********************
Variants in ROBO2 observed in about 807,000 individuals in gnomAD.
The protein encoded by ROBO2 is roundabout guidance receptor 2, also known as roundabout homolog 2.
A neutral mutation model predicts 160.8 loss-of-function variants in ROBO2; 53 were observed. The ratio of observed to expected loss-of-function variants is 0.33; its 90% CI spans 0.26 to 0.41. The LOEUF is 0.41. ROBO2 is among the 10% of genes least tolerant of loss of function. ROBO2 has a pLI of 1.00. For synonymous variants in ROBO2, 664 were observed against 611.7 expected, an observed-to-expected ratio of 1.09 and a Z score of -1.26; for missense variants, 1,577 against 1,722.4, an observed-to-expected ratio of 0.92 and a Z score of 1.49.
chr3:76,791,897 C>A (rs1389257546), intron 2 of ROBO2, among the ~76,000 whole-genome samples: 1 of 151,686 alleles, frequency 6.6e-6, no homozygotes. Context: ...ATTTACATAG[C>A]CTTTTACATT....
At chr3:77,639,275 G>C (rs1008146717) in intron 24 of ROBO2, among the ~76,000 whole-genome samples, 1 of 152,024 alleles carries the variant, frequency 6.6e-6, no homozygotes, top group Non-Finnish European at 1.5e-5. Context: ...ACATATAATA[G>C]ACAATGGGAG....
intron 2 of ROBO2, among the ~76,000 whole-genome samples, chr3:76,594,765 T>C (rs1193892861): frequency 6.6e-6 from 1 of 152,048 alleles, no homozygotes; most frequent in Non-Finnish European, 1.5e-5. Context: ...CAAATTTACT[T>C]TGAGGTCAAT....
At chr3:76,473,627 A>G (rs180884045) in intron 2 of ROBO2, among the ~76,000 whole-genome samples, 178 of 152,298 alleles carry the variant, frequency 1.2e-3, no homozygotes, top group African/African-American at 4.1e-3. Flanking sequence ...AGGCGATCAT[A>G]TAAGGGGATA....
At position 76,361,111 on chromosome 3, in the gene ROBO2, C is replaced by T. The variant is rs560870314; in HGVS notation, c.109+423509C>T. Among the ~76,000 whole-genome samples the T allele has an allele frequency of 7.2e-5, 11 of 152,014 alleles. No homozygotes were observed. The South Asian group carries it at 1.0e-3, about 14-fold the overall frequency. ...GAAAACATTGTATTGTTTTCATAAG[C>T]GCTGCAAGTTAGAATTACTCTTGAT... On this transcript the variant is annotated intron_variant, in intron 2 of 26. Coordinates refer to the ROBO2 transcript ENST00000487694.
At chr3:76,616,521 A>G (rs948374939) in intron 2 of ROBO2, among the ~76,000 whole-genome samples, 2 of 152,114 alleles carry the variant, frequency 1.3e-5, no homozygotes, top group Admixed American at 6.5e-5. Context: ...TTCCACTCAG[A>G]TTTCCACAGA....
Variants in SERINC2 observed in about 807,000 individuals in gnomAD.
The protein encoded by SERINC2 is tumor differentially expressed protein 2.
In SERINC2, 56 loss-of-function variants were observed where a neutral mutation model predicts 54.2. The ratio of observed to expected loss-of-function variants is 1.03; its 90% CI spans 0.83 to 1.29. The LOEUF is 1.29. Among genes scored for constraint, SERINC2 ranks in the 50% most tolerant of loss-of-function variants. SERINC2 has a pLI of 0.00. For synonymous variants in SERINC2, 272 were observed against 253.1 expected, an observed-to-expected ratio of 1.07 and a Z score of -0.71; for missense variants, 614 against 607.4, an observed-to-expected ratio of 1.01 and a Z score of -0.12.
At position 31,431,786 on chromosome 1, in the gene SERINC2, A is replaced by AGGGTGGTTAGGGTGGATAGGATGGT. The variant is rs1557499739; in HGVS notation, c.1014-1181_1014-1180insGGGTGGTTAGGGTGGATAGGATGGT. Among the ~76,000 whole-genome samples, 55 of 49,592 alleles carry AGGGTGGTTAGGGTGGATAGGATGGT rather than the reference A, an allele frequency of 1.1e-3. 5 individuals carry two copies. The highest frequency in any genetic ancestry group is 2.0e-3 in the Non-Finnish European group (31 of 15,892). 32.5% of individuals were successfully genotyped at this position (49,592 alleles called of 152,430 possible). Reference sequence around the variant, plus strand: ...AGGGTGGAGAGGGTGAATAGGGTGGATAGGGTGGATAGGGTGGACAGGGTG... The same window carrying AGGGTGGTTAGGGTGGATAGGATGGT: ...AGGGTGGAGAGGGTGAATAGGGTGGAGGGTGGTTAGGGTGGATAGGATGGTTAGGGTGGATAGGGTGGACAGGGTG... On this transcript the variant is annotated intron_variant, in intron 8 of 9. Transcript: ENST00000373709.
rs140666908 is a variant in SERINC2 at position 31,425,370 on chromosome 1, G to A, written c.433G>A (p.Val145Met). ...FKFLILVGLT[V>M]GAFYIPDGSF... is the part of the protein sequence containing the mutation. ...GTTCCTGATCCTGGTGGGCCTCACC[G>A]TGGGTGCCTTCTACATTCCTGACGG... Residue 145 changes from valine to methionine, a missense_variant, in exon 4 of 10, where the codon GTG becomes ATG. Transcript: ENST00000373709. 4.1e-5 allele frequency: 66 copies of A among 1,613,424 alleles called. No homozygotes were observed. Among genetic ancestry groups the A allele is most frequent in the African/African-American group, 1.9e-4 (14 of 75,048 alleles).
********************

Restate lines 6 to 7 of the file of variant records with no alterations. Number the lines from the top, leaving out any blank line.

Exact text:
intron 2 of ROBO2, among the ~76,000 whole-genome samples, chr3:76,594,765 T>C (rs1193892861): frequency 6.6e-6 from 1 of 152,048 alleles, no homozygotes; most frequent in Non-Finnish European, 1.5e-5. Context: ...CAAATTTACT[T>C]TGAGGTCAAT....
At chr3:76,473,627 A>G (rs180884045) in intron 2 of ROBO2, among the ~76,000 whole-genome samples, 178 of 152,298 alleles carry the variant, frequency 1.2e-3, no homozygotes, top group African/African-American at 4.1e-3. Flanking sequence ...AGGCGATCAT[A>G]TAAGGGGATA....